In the post 9/11 world, the issues of funding for terrorist organizations via Islamic charities and non-profits (as well as other sources) has received vast attention from global law enforcement and security agencies, as well as from scholars and other policy researchers. This paper attempts to shed light on a related but less explored phenomenon of Israeli, Palestinian, and other non-governmental organizations (NGOs) operating in the context of the Arab-Israeli conflict, that receive international government support and have ties to terrorist organizations. This financial support provides NGOs with legitimacy to continue operating despite their terror connections.
Articles published in academic and scholarly journals that are relevant to research and analysis on the role of NGOs, written by NGO Monitor staff, fellows, interns as well as individuals unconnected to NGO Monitor.
Human Rights Watch (HRW), Amnesty International (Amnesty), and other like-minded organisations have become major actors in the world of international humanitarian law (IHL). Every year they issue hundreds of publications purporting to document violations and to promote IHL enforcement. These publications are ubiquitously cited in the media, and used as source material for governmental and United Nations inquiries, quasi-judicial bodies, the International Criminal Court, academic studies, and other frameworks.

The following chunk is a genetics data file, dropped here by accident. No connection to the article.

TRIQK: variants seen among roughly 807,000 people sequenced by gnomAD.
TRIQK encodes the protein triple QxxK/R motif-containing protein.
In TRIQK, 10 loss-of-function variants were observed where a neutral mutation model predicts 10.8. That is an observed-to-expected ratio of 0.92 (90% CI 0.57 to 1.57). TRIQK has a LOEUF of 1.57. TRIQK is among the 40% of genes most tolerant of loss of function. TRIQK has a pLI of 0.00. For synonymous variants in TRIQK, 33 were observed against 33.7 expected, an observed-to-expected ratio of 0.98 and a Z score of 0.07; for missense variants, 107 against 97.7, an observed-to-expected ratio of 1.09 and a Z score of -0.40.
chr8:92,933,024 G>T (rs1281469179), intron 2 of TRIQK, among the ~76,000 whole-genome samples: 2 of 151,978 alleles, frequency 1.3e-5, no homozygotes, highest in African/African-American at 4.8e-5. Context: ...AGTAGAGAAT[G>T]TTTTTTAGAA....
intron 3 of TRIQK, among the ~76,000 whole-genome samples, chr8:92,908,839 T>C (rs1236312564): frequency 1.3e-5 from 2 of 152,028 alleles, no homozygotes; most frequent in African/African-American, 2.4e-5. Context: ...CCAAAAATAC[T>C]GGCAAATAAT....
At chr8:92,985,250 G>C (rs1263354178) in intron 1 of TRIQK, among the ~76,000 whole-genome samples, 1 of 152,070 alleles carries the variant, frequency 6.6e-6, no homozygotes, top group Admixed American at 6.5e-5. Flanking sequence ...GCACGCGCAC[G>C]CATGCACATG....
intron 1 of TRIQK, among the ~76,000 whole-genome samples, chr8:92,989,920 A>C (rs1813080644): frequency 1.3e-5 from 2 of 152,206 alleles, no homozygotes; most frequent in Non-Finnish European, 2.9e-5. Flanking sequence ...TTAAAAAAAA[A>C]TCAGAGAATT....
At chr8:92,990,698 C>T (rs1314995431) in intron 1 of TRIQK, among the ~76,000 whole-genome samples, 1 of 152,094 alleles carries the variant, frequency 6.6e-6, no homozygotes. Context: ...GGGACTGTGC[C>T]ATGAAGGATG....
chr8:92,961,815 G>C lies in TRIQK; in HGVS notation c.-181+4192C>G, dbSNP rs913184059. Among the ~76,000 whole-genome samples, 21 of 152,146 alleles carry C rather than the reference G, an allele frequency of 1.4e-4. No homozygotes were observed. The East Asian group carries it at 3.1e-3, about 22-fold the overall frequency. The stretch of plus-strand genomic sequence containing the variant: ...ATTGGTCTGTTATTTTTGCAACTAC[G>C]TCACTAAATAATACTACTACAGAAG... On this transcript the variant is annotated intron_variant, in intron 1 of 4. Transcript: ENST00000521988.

For centuries, the principles of national sovereignty and noninterference in internal affairs that arose in Western Europe were central to international relations. Reently, however, this framework has been weaked considerably through a number of mechanisms and practices, including international institutions and allied nongovernmental organizations (NGOs).
Professor Gerald M. Steinberg reviews Bendetta Voltolini's book on NGOs lobbying the European Union.
Professor Gerald M. Steinberg and Professor Richard Landes analyze Ron Dudai's argument regarding 'right-wing' groups and human rights discourse.
Many prominent NGOs have employed individuals linked to terror organizations, formed alliances with such groups, supported their radical and violent agendas, and channeled humanitarian aid into terror activities, contrary to their claims of promoting human rights.
Gerald Steinberg explains that Israeli policies with respect to Palestinians will continued to be framed by history and perception of insecurity and vulnerability, and that this will only changed when the Palestinian side addresses it directly.
Although they lack the military expertise and knowledge of international humanitarian law to do so, NGOs make allegations and claims against military decisions made in the interest of defense and security.